“It’s locked!” Norlissa Cooper exclaimed incredulously to a contingent of several dozen other nurses from San Francisco General Hospital. The nurses were attempting to open Mayor Ed Lee’s office door May 20 to discuss with him the critically high staffing shortages at their hospital.
The premier public hospital has the city’s busiest emergency room and its only Level 1 Trauma Center, which is supposed to provide the highest level of care. Overall, it serves some 100,000 patients each year, providing 20 percent of the city’s inpatient care.
And yet it’s “severely understaffed and our patients severely underserved,” says Lorraine Thiebaud, a nurse for 40 years and RN chapter president in Service Employees Local 1021.
The union will vote in early June whether to strike over the staffing violations. Their contract expires June 30.
“This has to be a first,” Cooper said about the mayor’s ducking out. “Since when is the public office of the mayor locked up in the middle of the day? Certainly not when the mayor meets with wealthy executives from Twitter and Google.”
Cooper, a member of the union’s bargaining committee, was referring to regular Tuesday meetings the mayor holds with leaders of high-tech companies that have been granted big and controversial tax exemptions and even free use of city facilities.
It was this “tech troubleshooting” meeting the union nurses were hoping to crash on Tuesday, Cooper said, “so we could ‘troubleshoot’ the problems of our poor, immigrant, and underprivileged patients.”
The mayor’s office did not respond to requests for a statement but hospital spokeswoman Rachael Kagan said staffing levels at San Francisco General are safe and meet all the requirements of federal and state regulators and accreditation organizations.
“We do have vacancies, as do all hospitals,” she said. “We take it very seriously, but it’s not a crisis of public safety by any stretch.”
The nurses disagree and say they can document how the city is violating not only its own staffing standards but also those of California’s landmark 2004 legislation establishing specific nurse-to-patient ratios. The law says hospitals must provide at least one nurse for every five patients—or fewer patients if they need more care.
The California Nurses Association led efforts for a decade to pass this legislation—against intense lobbying by hospital executives. It is supposed to be enforced by the California Department of Health Services.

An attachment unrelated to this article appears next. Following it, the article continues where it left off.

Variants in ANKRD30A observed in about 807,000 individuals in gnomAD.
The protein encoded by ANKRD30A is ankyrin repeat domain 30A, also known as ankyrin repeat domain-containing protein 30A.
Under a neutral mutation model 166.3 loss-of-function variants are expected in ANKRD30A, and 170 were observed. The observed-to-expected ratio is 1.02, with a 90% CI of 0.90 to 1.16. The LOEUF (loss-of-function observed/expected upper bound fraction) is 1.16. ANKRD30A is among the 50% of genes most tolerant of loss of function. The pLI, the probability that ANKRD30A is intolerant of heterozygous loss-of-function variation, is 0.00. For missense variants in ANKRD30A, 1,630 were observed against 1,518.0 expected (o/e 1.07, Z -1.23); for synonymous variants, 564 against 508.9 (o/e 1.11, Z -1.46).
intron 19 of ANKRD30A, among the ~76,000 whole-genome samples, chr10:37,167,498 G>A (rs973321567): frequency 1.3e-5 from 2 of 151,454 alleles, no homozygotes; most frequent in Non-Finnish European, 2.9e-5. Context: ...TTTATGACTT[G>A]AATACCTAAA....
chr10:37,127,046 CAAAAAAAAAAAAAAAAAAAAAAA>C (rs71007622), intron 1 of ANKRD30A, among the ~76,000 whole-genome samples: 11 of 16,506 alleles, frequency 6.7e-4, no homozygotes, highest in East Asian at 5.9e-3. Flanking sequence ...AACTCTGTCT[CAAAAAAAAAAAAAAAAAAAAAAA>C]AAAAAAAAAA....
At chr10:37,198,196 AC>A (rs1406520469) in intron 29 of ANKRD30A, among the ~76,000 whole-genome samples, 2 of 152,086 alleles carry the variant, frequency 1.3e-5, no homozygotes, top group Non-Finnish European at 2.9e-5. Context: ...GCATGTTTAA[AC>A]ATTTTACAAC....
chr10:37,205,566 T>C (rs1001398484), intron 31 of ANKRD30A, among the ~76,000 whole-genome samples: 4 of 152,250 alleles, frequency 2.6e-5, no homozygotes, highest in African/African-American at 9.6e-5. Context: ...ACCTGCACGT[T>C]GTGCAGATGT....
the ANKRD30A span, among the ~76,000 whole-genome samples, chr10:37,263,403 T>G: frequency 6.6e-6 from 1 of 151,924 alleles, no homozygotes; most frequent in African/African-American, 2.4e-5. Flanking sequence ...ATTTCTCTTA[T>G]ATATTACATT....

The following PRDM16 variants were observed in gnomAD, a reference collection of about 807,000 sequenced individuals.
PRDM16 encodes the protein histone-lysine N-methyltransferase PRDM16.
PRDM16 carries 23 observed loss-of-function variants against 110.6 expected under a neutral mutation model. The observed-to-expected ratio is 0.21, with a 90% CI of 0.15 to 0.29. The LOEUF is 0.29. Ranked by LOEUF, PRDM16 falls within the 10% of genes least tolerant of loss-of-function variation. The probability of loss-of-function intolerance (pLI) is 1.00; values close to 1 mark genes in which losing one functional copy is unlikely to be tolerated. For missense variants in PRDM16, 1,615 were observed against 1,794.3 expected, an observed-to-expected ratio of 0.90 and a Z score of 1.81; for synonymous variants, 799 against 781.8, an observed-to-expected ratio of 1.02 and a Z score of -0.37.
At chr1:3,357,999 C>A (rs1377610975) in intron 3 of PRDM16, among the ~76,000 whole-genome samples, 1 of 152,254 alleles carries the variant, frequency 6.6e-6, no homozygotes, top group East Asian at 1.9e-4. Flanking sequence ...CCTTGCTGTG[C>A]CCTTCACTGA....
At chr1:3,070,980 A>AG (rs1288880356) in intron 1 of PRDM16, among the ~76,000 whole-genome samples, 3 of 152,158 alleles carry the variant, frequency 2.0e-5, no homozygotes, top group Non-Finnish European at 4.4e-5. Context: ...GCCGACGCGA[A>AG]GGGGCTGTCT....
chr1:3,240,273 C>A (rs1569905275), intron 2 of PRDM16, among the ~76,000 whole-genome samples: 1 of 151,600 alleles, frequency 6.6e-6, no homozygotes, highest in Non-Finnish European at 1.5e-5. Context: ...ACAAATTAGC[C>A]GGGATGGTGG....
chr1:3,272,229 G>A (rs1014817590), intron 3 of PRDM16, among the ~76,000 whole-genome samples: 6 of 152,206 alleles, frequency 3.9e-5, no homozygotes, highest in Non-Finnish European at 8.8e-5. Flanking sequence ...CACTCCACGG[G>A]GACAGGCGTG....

But the numbers are simply not being achieved at San Francisco General, say the nurses, and it’s seriously affecting care.
“When those ratios are ignored, patients suffer,” said Heather Bollinger, an emergency department nurse. “Patients go unattended. They fall. Their pain medication gets delayed. They get sicker.” The union estimates a 26 percent nurse shortfall in the emergency room.
The union says the city’s primary safety-net facility has been chronically understaffed since early last year and that its 13.7 percent vacancy rate for registered nurses and “other front-line staff,” as reported by the city Department of Public Health, is putting patients at risk.
Nurses have filed 300 official reports in the last two years, detailing unsafe conditions, but there has been no response from hospital management.
“We are anywhere from 90 to 230 nurses short of where we should be,” said emergency room nurse Bob Ivory, citing union research. The union just released a report, “Empty Scrubs and Overflowing Beds,” documenting their claims (see box).
Patients even disappear. The hospital made international headlines last year when a missing patient’s body was found after several weeks in a remote hospital stairwell. In February, a mentally unstable patient who was left unsupervised attacked another patient who was 93 years old.
Two days after the protest at the mayor’s office, the union filed an unfair labor practice charge, stating that “wholesale repudiation of the staffing standards in the collective bargaining agreement… is contaminating the bargaining process” and creating impossible workloads which are damaging patient care.
City Saves, Patients Lose
The puzzling part of this whole “hot mess,” as Cooper describes it, is that the city has already allocated funds in its current budget to solve the crisis.
The city Controller reported this year that the San Francisco Health Department is predicting a $46.3 million budget surplus this year, with $16.6 million of that stemming from salary savings at San Francisco General over nine months. The hospital itself reports a budget surplus of $26 million.
Then why isn’t it hiring?
Some health activists speculate that the mayor enjoys padding his much-ballyhooed budget surplus by complicating and slowing the hiring process. The union’s report notes that only one nursing position is listed on relevant jobs website.
Ivory, who has been nursing since 1982, believes it might be more “politics than economics, because the money is there.” He testified at the city’s health commission, so far without results.
Meanwhile, he said, patients are in hallways waiting for beds, or are even diverted to other hospitals. This is costing the city $1.4 million a month in fees paid to other care facilities, Ivory said. “That could be spent on staffing us.”
Carl Finamore is a delegate to the San Francisco Labor Council and can be reached at firstname.lastname@example.org.